And then of course, there was the rise of influencers. Suddenly, anyone, and we mean anyone, could have a voice and become a celebrity. And just like brands used movie stars in the past to promote their products, so they started to use influencers. But there was a crucial difference. Rather than stars appearing in ads obviously created by the brand, influencer marketing saw people using their own social media channels to promote a product. These ‘word-of-mouth’ recommendations, even if those words were put there by the brands, were an invaluable marketing strategy for many companies.
However, it was easy to get wrong as Snickers demonstrated beautifully back in 2012 when they got Katie Price on board for their ‘You’re not you when you’re hungry’ campaign. Her posts, which included “Great news about China’s GDP figures!!” and other political statements prompted followers to think her account had been hacked! And just to add insult to injury it became the first influencer marketing campaign to be investigated by the ASA.
And, of course, in the last few years, there has been an ongoing debate about whether people making a living out of being an ‘influencer’ really love the products they are promoting or are just in it for the money. Cynicism and marketing seem to go hand in hand!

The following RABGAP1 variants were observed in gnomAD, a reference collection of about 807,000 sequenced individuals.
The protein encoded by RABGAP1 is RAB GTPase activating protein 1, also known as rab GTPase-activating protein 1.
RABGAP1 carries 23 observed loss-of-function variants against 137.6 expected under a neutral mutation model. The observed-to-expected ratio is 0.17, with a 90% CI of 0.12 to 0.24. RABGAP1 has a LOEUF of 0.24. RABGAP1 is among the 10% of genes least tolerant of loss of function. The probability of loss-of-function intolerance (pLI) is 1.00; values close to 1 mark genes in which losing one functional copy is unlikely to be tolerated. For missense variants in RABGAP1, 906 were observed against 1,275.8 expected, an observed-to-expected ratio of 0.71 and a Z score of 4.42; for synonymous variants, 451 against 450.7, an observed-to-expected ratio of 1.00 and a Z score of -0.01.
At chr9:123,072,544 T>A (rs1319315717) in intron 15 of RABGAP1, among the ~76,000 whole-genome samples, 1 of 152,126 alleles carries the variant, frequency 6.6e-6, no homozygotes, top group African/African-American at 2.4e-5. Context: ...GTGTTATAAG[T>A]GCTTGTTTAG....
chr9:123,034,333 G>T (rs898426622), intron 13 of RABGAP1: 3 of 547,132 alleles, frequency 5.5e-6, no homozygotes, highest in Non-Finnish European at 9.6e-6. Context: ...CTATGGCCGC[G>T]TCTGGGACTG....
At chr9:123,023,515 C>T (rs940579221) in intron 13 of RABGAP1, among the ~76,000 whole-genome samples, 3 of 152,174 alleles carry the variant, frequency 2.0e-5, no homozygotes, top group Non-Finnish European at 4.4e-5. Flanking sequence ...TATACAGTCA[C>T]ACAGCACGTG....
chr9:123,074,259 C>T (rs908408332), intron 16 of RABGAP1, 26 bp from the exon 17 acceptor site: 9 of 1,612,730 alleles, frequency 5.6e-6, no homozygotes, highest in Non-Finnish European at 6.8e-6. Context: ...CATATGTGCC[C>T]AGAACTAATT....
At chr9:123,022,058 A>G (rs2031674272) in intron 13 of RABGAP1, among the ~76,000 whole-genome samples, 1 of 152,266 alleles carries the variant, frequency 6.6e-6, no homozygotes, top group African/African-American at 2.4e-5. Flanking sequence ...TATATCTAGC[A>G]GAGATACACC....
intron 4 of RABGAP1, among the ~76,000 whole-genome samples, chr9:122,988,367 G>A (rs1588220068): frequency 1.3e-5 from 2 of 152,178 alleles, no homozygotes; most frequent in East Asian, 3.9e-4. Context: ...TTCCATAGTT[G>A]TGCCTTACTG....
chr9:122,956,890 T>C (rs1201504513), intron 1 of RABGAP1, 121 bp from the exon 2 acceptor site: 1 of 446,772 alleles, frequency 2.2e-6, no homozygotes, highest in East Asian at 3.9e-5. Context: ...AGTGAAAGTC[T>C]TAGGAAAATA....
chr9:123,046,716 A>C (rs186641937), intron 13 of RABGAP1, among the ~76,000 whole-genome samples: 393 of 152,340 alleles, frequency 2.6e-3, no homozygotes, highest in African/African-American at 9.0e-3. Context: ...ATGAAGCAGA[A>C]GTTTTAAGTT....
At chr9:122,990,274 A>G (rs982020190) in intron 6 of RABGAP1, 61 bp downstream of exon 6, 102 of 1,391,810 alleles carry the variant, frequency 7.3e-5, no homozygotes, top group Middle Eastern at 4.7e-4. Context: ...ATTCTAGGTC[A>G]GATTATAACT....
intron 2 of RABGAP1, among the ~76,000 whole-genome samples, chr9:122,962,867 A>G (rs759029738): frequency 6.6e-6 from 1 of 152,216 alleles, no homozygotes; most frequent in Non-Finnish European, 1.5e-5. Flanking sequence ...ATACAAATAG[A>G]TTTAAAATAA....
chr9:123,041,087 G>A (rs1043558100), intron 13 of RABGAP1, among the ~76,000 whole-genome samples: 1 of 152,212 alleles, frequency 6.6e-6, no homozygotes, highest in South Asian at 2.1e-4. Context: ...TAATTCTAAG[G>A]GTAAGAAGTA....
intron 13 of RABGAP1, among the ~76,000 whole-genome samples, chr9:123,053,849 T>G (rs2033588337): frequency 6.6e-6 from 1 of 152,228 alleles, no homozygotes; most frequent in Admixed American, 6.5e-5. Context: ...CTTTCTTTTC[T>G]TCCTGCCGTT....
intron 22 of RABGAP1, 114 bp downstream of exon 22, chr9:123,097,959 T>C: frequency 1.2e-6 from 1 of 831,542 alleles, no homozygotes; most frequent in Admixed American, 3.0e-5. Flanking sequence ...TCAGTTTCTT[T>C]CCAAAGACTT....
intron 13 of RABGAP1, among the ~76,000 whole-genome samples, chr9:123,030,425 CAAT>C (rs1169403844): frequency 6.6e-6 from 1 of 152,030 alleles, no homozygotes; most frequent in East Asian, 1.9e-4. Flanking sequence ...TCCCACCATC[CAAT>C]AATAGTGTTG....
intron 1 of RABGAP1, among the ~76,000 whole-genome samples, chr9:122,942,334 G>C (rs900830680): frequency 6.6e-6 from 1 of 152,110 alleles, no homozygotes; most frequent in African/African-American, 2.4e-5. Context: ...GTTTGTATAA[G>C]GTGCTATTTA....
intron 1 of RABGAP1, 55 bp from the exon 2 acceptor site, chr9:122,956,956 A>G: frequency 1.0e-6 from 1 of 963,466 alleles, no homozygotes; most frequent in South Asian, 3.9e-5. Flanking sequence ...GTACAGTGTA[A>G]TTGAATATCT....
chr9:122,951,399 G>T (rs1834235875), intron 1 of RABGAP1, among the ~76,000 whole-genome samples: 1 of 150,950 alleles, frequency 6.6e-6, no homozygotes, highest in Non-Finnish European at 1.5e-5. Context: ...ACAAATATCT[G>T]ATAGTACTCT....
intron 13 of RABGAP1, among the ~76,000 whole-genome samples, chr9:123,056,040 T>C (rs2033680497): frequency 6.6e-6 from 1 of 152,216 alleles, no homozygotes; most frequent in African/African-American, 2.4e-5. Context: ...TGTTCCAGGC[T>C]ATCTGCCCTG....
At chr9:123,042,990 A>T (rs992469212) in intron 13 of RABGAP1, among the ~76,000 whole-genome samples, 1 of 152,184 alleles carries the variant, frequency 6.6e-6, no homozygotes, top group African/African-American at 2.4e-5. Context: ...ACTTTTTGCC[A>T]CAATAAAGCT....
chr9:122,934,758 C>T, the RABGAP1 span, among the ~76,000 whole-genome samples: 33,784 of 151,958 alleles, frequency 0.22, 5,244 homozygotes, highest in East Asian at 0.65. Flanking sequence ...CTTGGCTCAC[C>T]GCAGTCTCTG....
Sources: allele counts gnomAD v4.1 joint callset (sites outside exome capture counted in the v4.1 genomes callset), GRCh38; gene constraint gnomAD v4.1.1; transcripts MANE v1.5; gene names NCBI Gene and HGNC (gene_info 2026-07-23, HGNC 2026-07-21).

Data gets big
Knowing who your customer is, why they buy and how to target them in the right way at the right time has long been a marketer’s dream and the 2010s helped fulfil it.
Web analytics allowed you to see how visitors found your website, what pages they visited and how long they stayed; social media analytics informed you when your target audience were online, where they were from and what content resonated best; and marketing automation software allowed you to use data to send specific campaigns to specific people about things they were actually interested in. Even better, you could see in real-time whether marketing efforts were working and make improvements if necessary.
But being able to collect and keep this type of detailed data also raised serious issues around privacy and ownership. In 2018, GDPR launched, giving users more control over what data was stored on them and how it was used, while also ensuring companies became responsible for their users’ data.
Marketing gets mobile